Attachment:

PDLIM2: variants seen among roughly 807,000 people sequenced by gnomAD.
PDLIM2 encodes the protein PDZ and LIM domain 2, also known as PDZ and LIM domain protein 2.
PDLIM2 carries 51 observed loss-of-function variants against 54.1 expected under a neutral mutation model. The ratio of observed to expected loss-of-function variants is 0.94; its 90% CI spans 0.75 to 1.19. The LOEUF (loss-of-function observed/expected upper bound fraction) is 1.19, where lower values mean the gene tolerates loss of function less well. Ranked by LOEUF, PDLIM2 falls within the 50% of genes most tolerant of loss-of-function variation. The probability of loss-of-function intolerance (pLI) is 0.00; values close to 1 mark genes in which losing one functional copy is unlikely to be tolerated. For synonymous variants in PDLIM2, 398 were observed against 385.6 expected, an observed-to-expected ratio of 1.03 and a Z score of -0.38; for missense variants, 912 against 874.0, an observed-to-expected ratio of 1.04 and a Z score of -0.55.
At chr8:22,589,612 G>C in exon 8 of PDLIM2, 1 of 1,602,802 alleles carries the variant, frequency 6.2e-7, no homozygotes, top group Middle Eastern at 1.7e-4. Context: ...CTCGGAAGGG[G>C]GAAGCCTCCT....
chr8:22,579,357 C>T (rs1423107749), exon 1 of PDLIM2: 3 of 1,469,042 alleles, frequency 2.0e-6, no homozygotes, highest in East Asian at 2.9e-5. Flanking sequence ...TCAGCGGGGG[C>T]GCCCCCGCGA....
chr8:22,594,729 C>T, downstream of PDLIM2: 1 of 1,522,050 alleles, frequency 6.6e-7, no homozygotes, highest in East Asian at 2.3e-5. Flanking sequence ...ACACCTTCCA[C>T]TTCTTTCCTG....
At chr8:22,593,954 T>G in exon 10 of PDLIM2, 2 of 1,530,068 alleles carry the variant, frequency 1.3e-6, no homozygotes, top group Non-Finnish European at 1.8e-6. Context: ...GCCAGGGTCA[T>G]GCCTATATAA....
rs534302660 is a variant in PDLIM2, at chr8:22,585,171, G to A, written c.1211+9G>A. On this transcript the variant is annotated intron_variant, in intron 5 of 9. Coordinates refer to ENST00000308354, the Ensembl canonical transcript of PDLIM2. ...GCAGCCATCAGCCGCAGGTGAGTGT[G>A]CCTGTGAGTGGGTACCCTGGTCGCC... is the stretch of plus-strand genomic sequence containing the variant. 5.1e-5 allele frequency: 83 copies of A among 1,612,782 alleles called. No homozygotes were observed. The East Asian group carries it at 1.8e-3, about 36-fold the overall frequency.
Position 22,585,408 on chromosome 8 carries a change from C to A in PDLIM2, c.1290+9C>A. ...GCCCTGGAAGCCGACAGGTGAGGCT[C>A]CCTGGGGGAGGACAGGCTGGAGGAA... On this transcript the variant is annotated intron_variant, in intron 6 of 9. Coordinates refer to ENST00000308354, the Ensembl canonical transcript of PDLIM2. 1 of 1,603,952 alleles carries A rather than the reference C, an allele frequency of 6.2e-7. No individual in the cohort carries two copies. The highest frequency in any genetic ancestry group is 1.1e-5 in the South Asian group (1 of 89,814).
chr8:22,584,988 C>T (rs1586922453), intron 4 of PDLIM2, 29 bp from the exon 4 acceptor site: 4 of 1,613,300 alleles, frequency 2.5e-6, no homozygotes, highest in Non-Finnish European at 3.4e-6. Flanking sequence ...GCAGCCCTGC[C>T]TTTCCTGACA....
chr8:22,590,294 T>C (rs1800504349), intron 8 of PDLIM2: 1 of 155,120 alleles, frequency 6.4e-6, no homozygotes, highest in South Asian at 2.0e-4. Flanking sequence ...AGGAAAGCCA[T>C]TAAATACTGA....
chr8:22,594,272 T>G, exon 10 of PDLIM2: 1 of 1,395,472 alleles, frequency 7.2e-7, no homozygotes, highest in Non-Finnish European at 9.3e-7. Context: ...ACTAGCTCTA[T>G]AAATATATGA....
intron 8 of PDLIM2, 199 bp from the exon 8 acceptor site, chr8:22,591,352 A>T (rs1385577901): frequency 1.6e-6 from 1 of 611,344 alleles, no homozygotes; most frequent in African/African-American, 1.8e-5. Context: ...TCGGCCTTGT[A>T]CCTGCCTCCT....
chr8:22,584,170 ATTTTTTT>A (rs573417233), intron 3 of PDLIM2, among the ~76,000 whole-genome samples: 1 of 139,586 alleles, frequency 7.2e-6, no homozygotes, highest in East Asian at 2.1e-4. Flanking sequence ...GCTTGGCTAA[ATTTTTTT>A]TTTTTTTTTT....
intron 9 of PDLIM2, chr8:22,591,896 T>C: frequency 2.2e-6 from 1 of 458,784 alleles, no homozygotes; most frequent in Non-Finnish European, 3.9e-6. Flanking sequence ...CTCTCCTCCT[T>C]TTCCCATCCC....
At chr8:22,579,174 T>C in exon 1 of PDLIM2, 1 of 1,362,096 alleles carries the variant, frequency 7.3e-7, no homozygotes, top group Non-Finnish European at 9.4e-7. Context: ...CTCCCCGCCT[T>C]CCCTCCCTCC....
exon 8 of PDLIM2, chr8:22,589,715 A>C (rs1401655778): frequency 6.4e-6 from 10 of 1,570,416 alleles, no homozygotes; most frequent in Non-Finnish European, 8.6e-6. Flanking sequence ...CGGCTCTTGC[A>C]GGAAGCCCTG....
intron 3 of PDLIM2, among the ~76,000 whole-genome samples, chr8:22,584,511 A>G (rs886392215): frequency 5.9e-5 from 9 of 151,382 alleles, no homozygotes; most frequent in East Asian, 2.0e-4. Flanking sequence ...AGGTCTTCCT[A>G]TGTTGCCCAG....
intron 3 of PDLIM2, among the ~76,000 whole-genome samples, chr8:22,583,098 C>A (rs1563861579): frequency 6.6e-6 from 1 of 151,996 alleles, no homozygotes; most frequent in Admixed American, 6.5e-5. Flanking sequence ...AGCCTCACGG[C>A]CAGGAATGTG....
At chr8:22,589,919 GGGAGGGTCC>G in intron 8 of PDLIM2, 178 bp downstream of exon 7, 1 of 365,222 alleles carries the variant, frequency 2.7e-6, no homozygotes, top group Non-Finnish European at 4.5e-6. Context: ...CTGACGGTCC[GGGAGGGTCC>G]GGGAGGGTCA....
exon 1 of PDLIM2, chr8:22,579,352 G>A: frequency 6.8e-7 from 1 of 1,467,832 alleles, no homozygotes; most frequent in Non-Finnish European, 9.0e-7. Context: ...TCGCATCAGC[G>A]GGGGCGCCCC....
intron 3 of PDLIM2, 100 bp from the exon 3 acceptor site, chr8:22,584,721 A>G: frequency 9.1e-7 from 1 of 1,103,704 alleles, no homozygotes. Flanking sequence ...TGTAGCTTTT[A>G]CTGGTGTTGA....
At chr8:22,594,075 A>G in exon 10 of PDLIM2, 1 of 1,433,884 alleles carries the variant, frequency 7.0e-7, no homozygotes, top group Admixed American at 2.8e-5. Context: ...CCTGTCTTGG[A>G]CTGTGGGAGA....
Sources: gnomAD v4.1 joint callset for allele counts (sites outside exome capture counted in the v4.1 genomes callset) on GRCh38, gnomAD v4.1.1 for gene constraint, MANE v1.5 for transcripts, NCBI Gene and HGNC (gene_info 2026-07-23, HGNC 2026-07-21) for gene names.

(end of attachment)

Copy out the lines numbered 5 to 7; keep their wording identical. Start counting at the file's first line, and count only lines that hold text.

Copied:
chr8:22,579,357 C>T (rs1423107749), exon 1 of PDLIM2: 3 of 1,469,042 alleles, frequency 2.0e-6, no homozygotes, highest in East Asian at 2.9e-5. Flanking sequence ...TCAGCGGGGG[C>T]GCCCCCGCGA....
chr8:22,594,729 C>T, downstream of PDLIM2: 1 of 1,522,050 alleles, frequency 6.6e-7, no homozygotes, highest in East Asian at 2.3e-5. Flanking sequence ...ACACCTTCCA[C>T]TTCTTTCCTG....
At chr8:22,593,954 T>G in exon 10 of PDLIM2, 2 of 1,530,068 alleles carry the variant, frequency 1.3e-6, no homozygotes, top group Non-Finnish European at 1.8e-6. Context: ...GCCAGGGTCA[T>G]GCCTATATAA....